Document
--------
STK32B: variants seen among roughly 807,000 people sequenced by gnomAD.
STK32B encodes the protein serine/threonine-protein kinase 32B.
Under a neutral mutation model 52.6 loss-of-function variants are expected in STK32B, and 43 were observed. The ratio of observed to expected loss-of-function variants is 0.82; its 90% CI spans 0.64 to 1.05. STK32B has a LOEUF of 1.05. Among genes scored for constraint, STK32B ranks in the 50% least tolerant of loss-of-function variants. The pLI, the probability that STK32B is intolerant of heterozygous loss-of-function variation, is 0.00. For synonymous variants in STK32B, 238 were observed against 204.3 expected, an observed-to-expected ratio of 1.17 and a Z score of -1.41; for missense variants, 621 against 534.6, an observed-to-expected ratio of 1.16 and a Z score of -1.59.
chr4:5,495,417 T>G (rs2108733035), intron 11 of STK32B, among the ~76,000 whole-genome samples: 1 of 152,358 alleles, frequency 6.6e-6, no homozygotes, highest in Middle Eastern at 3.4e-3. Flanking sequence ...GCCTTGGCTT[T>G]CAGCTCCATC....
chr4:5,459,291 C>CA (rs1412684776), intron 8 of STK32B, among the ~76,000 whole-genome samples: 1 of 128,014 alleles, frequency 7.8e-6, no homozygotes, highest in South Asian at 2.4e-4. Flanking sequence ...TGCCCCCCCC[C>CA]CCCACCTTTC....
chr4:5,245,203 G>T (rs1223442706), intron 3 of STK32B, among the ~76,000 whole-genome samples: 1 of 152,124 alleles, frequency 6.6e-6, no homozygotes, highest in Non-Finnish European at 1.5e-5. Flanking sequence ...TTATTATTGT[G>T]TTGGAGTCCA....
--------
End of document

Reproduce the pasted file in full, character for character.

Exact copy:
STK32B: variants seen among roughly 807,000 people sequenced by gnomAD.
STK32B encodes the protein serine/threonine-protein kinase 32B.
Under a neutral mutation model 52.6 loss-of-function variants are expected in STK32B, and 43 were observed. The ratio of observed to expected loss-of-function variants is 0.82; its 90% CI spans 0.64 to 1.05. STK32B has a LOEUF of 1.05. Among genes scored for constraint, STK32B ranks in the 50% least tolerant of loss-of-function variants. The pLI, the probability that STK32B is intolerant of heterozygous loss-of-function variation, is 0.00. For synonymous variants in STK32B, 238 were observed against 204.3 expected, an observed-to-expected ratio of 1.17 and a Z score of -1.41; for missense variants, 621 against 534.6, an observed-to-expected ratio of 1.16 and a Z score of -1.59.
chr4:5,495,417 T>G (rs2108733035), intron 11 of STK32B, among the ~76,000 whole-genome samples: 1 of 152,358 alleles, frequency 6.6e-6, no homozygotes, highest in Middle Eastern at 3.4e-3. Flanking sequence ...GCCTTGGCTT[T>G]CAGCTCCATC....
chr4:5,459,291 C>CA (rs1412684776), intron 8 of STK32B, among the ~76,000 whole-genome samples: 1 of 128,014 alleles, frequency 7.8e-6, no homozygotes, highest in South Asian at 2.4e-4. Flanking sequence ...TGCCCCCCCC[C>CA]CCCACCTTTC....
chr4:5,245,203 G>T (rs1223442706), intron 3 of STK32B, among the ~76,000 whole-genome samples: 1 of 152,124 alleles, frequency 6.6e-6, no homozygotes, highest in Non-Finnish European at 1.5e-5. Flanking sequence ...TTATTATTGT[G>T]TTGGAGTCCA....